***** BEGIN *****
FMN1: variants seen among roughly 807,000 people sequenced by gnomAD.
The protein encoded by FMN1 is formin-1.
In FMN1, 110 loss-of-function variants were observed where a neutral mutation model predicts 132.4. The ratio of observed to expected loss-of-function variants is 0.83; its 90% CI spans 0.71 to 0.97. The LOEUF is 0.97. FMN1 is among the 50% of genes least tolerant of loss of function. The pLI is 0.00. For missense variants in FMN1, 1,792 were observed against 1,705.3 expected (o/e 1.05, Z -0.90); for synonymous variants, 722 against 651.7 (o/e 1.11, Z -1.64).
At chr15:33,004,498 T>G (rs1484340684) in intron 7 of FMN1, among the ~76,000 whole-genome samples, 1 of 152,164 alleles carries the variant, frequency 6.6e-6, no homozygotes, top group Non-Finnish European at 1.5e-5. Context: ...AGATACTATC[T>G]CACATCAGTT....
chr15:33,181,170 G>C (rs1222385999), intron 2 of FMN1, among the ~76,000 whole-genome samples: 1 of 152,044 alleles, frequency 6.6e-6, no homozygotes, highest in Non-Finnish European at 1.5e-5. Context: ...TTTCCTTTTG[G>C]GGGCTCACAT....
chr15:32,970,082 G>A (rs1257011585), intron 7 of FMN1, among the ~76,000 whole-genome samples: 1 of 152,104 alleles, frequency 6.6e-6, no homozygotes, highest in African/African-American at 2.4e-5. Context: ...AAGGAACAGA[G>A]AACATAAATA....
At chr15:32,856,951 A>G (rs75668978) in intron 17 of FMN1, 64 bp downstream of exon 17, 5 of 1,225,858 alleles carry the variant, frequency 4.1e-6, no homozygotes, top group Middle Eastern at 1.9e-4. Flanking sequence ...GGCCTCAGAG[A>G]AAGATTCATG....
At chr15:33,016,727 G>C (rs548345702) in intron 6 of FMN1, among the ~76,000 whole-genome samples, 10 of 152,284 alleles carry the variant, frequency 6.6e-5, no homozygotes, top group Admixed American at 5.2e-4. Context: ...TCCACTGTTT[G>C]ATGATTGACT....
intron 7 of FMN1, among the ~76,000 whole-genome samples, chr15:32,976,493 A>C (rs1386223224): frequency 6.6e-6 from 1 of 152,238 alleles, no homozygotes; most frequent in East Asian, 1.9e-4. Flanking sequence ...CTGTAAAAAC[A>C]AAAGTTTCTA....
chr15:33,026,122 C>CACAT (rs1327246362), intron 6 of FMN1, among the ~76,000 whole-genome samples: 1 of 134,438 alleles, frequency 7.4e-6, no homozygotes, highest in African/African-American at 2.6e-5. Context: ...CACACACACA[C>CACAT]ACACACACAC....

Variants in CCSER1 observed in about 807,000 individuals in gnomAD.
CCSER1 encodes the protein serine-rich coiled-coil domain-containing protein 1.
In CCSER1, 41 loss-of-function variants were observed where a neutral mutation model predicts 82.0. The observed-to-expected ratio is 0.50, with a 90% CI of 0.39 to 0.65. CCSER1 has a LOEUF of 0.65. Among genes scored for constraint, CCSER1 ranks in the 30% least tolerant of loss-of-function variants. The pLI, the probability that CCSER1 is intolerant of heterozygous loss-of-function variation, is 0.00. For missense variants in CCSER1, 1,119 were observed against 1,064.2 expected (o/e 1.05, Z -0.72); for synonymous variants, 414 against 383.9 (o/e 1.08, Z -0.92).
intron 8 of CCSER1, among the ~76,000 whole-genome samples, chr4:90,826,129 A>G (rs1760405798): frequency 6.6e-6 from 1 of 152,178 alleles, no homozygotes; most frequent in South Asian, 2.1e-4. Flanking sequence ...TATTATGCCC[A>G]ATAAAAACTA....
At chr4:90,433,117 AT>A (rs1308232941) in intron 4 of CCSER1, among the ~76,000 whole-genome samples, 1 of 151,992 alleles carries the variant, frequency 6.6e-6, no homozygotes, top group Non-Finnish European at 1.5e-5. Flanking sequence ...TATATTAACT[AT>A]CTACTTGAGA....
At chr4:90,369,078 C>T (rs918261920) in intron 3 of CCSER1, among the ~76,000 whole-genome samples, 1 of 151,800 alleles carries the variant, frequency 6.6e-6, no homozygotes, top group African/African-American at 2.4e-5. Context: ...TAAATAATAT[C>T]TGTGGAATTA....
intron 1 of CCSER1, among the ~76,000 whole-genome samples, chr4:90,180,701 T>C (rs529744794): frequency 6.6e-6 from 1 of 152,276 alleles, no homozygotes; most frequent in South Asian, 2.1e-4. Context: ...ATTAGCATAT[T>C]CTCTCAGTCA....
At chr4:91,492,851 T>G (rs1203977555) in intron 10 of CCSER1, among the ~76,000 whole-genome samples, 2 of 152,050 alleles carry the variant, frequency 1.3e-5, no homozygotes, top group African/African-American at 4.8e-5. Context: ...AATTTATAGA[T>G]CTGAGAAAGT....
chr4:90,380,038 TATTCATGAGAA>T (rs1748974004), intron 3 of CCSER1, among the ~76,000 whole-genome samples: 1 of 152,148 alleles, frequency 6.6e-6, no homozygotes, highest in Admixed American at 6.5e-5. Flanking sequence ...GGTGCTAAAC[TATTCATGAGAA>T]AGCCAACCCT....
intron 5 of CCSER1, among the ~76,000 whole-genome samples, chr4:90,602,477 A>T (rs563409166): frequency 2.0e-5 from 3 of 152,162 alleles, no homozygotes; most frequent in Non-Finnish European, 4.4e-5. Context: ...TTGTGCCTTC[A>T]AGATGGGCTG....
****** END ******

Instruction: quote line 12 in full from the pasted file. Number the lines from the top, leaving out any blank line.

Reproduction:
CCSER1 encodes the protein serine-rich coiled-coil domain-containing protein 1.